Thursday, May 5, 2022

Doctor Strange in the Multiverse of Madness


Every night, Doctor Strange (Benedict Cumberbatch) wakes up from the same nightmare, that of a teenager being chased by various supernatural creatures. On the day of Christine Palmer’s (Rachel McAdams) wedding, the city is ambushed by a tentacled monster and much to Stephen’s surprise, the girl from his dreams materializes in front of him. She introduces herself as America Chavez (Xochitl Gomez) who has the ability to travel between universes by punching star-shaped holes through them, a superpower she has yet to learn how to control. With Wong (Benedict Wong) noticing how the creatures in pursuit are not demonic in nature but rather summoned via witchcraft, Doctor Strange seeks the help of one of the most powerful magic wielders he knows. Wanda Maximoff (Elizabeth Olsen) is now living a quiet life and claims to have put magic behind her. Unbeknownst to the ex-Sorcerer Supreme, the Scarlet Witch has an entirely different plan in mind.

The plot is paper-thin and all over the place, not to mention contrived and lazy at many points. The first Doctor Strange film is better in terms of storyline. Spider-Man: No Way Home, while a bit gimmicky and nostalgia-dependent, is still the better Multiverse movie as far as execution and audience impact are concerned. As one too many early reviews have already pointed out, Doctor Strange in the Multiverse of Madness appears disjointed, somehow like an extended episode of What If that unfortunately fails at its attempt on coherence.

On a more positive note, the visuals are top-notch. Sam Raimi is back in full form and does not disappoint with his return to the superhero genre. While some will find the film a bit scary, it does not really have anything to do with the storyline per se. Lest we forget, this is not a full-on horror flick. Perhaps it’d be better to brand the film as a supernatural suspense thriller. The higher PG13 rating leaves some room for more blood and gore relative to other MCU entries intentionally toned down to cater to a younger audience.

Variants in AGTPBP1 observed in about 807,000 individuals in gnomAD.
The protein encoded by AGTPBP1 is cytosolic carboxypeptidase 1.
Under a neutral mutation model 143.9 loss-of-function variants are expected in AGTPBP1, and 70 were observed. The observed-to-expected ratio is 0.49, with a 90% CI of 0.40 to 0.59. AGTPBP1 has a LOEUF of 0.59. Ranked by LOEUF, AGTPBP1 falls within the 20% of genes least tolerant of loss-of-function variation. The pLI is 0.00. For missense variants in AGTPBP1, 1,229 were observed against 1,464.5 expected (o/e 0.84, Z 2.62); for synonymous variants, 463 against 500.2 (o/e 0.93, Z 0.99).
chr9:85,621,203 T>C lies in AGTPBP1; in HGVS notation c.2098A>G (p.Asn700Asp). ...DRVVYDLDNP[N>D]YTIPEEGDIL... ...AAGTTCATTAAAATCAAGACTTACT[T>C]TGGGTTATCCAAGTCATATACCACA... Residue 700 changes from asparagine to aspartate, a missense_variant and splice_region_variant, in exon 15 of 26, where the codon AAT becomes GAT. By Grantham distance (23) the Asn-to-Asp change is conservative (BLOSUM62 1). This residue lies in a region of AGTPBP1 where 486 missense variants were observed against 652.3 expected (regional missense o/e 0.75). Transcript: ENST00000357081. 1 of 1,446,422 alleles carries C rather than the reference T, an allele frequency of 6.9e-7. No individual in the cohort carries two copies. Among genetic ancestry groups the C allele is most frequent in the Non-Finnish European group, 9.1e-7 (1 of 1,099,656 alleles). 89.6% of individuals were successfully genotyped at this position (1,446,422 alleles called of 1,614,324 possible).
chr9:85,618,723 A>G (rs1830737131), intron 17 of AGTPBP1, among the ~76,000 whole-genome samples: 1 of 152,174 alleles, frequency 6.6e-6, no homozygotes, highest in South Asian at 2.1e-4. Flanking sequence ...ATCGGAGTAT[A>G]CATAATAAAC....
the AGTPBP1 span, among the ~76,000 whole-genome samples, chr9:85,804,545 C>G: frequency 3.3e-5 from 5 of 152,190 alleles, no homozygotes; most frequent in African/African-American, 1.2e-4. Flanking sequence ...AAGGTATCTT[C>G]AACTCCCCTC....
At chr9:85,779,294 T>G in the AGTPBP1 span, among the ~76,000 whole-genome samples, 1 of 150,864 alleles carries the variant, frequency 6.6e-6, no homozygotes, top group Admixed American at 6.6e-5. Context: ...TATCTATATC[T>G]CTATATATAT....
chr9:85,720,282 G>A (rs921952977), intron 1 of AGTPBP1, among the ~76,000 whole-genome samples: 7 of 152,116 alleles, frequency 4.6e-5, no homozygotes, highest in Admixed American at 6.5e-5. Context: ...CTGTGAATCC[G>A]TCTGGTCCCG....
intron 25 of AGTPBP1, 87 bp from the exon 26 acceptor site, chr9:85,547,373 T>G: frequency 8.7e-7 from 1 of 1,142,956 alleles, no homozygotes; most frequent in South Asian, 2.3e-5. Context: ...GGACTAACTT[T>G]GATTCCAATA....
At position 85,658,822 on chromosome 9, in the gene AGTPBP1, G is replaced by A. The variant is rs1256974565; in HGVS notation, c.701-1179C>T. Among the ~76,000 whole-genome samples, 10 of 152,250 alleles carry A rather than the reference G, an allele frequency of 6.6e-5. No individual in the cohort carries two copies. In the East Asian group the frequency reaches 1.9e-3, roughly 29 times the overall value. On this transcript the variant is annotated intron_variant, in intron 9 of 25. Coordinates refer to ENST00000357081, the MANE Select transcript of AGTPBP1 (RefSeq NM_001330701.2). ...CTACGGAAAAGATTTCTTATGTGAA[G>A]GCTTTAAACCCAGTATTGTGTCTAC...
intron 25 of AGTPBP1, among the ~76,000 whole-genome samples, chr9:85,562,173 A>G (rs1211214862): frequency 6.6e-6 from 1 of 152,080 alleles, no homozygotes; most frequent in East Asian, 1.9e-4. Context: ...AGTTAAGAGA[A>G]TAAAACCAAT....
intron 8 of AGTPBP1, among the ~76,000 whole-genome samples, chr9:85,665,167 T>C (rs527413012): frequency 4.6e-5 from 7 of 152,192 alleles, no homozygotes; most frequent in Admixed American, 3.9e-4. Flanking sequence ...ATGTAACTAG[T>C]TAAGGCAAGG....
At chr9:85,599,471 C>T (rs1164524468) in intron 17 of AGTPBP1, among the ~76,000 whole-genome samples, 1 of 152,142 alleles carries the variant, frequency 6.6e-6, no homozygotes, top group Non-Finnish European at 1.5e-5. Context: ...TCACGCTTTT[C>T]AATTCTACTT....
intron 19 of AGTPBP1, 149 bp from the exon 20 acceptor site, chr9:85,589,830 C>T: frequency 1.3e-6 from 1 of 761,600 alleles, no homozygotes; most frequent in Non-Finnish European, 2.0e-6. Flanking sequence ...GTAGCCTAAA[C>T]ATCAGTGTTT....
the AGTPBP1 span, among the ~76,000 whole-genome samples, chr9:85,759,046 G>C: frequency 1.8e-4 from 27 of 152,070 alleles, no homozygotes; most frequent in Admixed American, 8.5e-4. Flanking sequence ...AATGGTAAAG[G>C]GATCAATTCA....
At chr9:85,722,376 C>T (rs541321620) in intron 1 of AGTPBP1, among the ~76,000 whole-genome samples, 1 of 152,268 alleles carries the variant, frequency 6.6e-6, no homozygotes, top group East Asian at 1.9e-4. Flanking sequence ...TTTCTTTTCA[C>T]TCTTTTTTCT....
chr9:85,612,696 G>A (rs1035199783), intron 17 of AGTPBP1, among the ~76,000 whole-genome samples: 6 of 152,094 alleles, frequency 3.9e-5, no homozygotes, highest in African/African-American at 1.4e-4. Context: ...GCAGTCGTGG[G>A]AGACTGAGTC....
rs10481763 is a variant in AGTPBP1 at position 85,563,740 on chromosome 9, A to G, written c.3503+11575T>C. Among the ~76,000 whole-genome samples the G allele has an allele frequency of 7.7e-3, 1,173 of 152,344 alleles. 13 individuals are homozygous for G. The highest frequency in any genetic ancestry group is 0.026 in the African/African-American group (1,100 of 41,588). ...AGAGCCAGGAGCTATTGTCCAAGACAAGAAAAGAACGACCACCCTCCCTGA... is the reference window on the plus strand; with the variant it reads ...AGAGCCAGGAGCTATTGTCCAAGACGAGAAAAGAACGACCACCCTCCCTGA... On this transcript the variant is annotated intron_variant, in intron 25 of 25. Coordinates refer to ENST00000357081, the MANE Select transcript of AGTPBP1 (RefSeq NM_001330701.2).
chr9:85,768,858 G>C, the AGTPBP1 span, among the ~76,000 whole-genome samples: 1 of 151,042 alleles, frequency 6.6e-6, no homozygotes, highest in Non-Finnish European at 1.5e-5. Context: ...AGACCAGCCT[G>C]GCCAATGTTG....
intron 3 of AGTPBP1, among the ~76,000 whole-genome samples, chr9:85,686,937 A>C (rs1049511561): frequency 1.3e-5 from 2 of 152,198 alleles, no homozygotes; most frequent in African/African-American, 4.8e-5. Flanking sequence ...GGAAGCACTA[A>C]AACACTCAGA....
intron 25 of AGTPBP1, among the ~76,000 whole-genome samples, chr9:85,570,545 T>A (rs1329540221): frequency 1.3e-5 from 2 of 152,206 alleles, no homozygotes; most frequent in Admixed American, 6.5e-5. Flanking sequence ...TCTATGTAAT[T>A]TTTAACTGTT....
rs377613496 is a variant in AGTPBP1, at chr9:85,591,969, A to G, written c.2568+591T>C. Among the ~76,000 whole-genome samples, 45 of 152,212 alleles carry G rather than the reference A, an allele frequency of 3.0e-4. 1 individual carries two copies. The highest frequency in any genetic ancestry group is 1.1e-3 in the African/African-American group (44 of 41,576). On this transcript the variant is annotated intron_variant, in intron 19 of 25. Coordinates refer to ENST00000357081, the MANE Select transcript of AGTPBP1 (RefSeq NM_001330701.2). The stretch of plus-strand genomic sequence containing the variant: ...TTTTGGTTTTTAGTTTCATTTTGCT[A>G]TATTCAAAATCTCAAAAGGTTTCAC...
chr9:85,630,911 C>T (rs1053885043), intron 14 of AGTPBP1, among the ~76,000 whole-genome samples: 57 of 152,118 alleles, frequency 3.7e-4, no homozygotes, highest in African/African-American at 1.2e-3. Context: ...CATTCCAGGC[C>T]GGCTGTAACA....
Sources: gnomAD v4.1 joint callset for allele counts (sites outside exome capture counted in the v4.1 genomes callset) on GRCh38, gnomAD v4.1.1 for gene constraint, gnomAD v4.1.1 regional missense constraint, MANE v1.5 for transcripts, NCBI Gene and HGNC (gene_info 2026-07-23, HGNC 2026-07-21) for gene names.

America Chavez is a darling, this coming from someone who has never been previously introduced to the character. I have no idea how she is in the comics, but she is a worthy addition to the MCU if this movie is to be the sole basis. The controversy regarding her two mothers responsible for the film’s ban in some countries is just there to expound on her background, nothing scandalous whatsoever. If your disdain of the character stems primarily from that fact, then you might want to check on your homophobia.

Olsen outshines Cumberbatch. The film title should have been Scarlet Witch in the Multiverse of Madness featuring Doctor Strange. Having said that, this movie feels like a follow-up to WandaVision more than it is a sequel for Doctor Strange. While we are not complaining because we love Olsen's Wanda to bits, the storyline does not really do her any favors in terms of character development. Her story arc here feels like a dragging extension of what we already witnessed in her Disney+ series, but that show gives her more justice to be honest. Sad to say, she seems a bit one-dimensional here. It must be the screenplay.

The mid-credits scene introduces a new MCU character. Suffice it to say, why be Wonder Woman’s mom when you can rule an entire dark dimension on your own, right? The end credits scene is annoying, unnecessary, and stupid. The cameos are fun but kinda meh. They shouldn't have been teased in the TV spots to preserve the element of surprise like what Sony did with No Way Home. After all is said and done, it's quite a letdown considering the hype. Here is to hoping that whoever helms the third installment can aptly conclude the trilogy and redeem the Sorcerer Supreme in the process.

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